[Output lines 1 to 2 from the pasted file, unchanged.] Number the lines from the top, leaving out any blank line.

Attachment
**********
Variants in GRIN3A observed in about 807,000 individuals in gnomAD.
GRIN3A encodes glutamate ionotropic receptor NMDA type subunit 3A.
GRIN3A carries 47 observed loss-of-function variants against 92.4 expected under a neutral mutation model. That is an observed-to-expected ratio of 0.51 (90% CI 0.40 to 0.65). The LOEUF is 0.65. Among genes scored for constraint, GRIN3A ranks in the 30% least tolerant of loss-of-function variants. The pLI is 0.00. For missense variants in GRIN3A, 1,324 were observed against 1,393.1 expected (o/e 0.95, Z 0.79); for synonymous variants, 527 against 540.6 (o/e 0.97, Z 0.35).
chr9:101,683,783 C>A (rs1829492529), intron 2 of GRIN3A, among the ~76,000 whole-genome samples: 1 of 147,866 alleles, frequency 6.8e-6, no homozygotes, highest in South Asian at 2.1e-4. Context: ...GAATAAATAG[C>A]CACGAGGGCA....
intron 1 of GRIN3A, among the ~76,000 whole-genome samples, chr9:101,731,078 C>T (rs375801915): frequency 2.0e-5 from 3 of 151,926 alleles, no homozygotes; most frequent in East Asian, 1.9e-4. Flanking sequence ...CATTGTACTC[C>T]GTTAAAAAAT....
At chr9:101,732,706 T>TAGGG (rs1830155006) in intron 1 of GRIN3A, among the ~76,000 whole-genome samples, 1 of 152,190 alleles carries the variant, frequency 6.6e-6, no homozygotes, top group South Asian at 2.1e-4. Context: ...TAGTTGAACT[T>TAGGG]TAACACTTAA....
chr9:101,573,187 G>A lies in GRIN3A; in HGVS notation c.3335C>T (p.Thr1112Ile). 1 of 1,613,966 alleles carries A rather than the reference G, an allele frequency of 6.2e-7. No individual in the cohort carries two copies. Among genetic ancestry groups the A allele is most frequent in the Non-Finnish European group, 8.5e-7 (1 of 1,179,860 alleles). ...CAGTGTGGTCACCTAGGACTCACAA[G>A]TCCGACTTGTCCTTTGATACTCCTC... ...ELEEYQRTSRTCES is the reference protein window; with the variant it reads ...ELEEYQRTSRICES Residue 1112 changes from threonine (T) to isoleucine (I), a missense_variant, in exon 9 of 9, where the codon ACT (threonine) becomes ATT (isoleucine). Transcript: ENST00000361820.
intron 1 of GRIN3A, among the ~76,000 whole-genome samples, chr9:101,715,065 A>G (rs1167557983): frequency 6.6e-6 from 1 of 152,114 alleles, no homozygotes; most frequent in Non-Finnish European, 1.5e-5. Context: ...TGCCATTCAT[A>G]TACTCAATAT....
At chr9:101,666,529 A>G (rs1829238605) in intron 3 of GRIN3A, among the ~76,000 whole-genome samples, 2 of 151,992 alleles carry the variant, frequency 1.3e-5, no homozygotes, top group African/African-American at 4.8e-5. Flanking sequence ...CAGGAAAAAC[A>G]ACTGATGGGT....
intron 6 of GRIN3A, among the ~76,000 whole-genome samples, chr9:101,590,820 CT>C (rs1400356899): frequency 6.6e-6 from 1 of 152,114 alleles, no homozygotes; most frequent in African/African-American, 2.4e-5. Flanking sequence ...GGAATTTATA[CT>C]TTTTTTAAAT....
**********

Variants in GRIN3A observed in about 807,000 individuals in gnomAD.
GRIN3A encodes glutamate ionotropic receptor NMDA type subunit 3A.